Frans Hals and Balancing Competing Interests

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I was reading about Frans Hals the other day, a remarkable portrait painter from the 1600s.

I got the feeling he was torn between money and passion. On one hand, he needed to satisfy the needs of the wealthy individuals he painted. They paid the bills after all.

On the other hand, he was an artist and wanted to explore, test, create, and push the boundaries of painting. You could see him try and satisfy this need in his later work, which is fresher and less rendered. But there was only so far he could go without upsetting his patrons.

This is a familiar story for us artists. We are always trying to balance competing interests. Time, money, passion, integrity, family, friends, fulfillment.

Perhaps you love landscape painting, but landscape paintings aren’t selling. Perhaps you’re struggling to steal time from your demanding corporate job to paint. Perhaps you had early success and sold a bunch of paintings, but now you feel trapped to that success, painting the same thing in the same way over and over again.

What’s the solution here? How do we balance these interests without going insane?

I think the answer is figuring out what to compromise and what to stand iron firm on. You will almost always need to compromise on something. Even if you were flush with money and fame, you would still suffer the daily battle against time and need to compromise some of life’s joys.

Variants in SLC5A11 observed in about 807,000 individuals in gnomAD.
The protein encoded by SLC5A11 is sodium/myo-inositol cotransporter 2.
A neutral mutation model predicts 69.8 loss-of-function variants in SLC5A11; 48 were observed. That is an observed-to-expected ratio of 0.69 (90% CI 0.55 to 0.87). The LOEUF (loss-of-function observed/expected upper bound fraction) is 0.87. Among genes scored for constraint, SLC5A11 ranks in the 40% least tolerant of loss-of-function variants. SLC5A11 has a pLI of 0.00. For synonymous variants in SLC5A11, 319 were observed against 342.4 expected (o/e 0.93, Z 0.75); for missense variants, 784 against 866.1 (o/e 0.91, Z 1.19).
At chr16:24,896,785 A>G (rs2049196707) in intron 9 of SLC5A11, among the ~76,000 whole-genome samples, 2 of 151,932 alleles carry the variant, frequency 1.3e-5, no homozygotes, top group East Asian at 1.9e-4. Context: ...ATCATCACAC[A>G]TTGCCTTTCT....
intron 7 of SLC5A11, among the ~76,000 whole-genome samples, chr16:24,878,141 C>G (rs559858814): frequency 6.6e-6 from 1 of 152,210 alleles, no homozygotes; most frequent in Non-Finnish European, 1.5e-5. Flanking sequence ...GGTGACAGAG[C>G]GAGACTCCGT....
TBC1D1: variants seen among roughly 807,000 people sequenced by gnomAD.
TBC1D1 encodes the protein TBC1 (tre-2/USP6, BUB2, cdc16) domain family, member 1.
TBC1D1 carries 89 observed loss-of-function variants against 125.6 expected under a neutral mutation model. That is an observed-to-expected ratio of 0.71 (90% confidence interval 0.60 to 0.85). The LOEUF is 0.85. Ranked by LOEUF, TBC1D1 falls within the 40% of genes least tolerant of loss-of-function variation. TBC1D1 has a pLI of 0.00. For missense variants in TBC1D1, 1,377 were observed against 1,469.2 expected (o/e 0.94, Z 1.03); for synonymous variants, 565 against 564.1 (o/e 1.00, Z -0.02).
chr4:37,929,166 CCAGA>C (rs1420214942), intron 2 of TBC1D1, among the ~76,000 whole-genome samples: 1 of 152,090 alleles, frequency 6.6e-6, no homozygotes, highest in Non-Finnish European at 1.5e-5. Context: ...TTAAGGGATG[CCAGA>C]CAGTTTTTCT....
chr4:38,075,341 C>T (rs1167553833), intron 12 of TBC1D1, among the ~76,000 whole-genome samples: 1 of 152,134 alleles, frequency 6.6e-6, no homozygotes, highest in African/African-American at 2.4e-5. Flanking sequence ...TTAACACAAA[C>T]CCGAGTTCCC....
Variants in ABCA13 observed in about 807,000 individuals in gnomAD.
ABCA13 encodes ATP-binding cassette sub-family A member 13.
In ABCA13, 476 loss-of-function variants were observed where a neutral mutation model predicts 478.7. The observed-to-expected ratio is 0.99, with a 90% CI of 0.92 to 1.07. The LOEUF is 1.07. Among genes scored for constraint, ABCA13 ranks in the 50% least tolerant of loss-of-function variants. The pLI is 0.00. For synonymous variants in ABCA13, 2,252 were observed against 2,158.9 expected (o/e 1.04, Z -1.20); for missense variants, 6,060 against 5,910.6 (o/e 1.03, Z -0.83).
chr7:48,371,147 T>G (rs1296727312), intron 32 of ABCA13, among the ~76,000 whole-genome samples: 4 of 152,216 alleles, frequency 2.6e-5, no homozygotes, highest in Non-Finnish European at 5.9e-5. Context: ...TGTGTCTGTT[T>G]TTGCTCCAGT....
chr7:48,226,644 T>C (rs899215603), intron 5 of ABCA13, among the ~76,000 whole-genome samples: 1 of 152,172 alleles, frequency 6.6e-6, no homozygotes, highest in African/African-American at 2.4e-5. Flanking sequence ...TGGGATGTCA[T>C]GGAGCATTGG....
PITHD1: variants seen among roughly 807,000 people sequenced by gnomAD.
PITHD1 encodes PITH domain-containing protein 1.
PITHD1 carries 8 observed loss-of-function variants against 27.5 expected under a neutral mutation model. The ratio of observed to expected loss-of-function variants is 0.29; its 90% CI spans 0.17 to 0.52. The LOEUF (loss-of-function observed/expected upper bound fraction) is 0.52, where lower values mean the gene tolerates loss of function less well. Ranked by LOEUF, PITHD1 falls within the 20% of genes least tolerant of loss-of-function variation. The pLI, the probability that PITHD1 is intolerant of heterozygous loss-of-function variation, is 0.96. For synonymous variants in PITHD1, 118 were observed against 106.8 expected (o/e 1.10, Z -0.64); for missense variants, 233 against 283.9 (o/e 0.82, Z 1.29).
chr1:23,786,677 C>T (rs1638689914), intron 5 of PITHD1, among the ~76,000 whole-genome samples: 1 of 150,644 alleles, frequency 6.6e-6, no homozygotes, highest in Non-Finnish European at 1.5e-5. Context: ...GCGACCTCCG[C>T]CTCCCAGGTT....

If creative integrity is important to you, then you may need to compromise financial stability in the short term. Think of Vincent van Gogh. He stayed true to his vision through poverty and turmoil. Though I’m sure he would have preferred to experience the fruits of his eventual success.

If you want to make a living from your art, you may need to sacrifice your creative integrity and sleep. It might call for you to do portrait commissions even if you don’t enjoy them.

If you work a demanding job but want to paint, you may need to compromise your mornings, nights, and weekends to practice. That’s what I did for a few years. It was hard but fulfilling and needed to be done.

There’s no single answer. It’s all based on your situation, preferences, and what you want to do with your life. But it’s worth thinking about. Especially with a new year coming up.

Anyway, thanks for reading and wishing you a happy holiday.

For more painting tips, check out my 21 Easy Ways to Improve Your Paintings ebook.

Regards

Dan Scott

drawpaintacademy.com

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